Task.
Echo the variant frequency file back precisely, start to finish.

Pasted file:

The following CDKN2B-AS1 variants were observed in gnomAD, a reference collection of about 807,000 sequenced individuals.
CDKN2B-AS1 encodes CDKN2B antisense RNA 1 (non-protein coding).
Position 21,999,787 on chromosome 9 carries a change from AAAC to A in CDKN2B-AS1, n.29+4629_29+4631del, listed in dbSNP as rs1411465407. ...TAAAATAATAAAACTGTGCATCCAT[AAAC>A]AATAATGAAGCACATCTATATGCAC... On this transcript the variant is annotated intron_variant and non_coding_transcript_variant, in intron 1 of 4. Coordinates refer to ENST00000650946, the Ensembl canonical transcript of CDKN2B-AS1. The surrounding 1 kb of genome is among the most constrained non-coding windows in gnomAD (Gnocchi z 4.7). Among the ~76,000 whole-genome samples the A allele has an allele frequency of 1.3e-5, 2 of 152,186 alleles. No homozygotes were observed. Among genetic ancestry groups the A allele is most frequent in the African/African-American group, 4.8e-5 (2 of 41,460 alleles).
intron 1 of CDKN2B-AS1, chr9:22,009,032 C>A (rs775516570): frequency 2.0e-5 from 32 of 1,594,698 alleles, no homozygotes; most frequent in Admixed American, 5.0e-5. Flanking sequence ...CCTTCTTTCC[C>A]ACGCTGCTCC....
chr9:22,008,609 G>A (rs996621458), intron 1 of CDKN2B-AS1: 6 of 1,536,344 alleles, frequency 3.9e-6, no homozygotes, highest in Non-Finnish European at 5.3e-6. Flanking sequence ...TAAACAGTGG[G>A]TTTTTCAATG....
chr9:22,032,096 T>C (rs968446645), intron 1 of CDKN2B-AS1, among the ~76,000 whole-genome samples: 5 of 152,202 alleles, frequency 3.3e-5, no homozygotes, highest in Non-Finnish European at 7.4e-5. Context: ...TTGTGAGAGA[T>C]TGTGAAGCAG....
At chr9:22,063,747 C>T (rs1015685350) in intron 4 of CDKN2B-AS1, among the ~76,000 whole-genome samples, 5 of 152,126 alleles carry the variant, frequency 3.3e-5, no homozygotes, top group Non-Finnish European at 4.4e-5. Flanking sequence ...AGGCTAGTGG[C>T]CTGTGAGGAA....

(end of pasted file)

The following CDKN2B-AS1 variants were observed in gnomAD, a reference collection of about 807,000 sequenced individuals.
CDKN2B-AS1 encodes CDKN2B antisense RNA 1 (non-protein coding).
Position 21,999,787 on chromosome 9 carries a change from AAAC to A in CDKN2B-AS1, n.29+4629_29+4631del, listed in dbSNP as rs1411465407. ...TAAAATAATAAAACTGTGCATCCAT[AAAC>A]AATAATGAAGCACATCTATATGCAC... On this transcript the variant is annotated intron_variant and non_coding_transcript_variant, in intron 1 of 4. Coordinates refer to ENST00000650946, the Ensembl canonical transcript of CDKN2B-AS1. The surrounding 1 kb of genome is among the most constrained non-coding windows in gnomAD (Gnocchi z 4.7). Among the ~76,000 whole-genome samples the A allele has an allele frequency of 1.3e-5, 2 of 152,186 alleles. No homozygotes were observed. Among genetic ancestry groups the A allele is most frequent in the African/African-American group, 4.8e-5 (2 of 41,460 alleles).
intron 1 of CDKN2B-AS1, chr9:22,009,032 C>A (rs775516570): frequency 2.0e-5 from 32 of 1,594,698 alleles, no homozygotes; most frequent in Admixed American, 5.0e-5. Flanking sequence ...CCTTCTTTCC[C>A]ACGCTGCTCC....
chr9:22,008,609 G>A (rs996621458), intron 1 of CDKN2B-AS1: 6 of 1,536,344 alleles, frequency 3.9e-6, no homozygotes, highest in Non-Finnish European at 5.3e-6. Flanking sequence ...TAAACAGTGG[G>A]TTTTTCAATG....
chr9:22,032,096 T>C (rs968446645), intron 1 of CDKN2B-AS1, among the ~76,000 whole-genome samples: 5 of 152,202 alleles, frequency 3.3e-5, no homozygotes, highest in Non-Finnish European at 7.4e-5. Context: ...TTGTGAGAGA[T>C]TGTGAAGCAG....
At chr9:22,063,747 C>T (rs1015685350) in intron 4 of CDKN2B-AS1, among the ~76,000 whole-genome samples, 5 of 152,126 alleles carry the variant, frequency 3.3e-5, no homozygotes, top group Non-Finnish European at 4.4e-5. Flanking sequence ...AGGCTAGTGG[C>T]CTGTGAGGAA....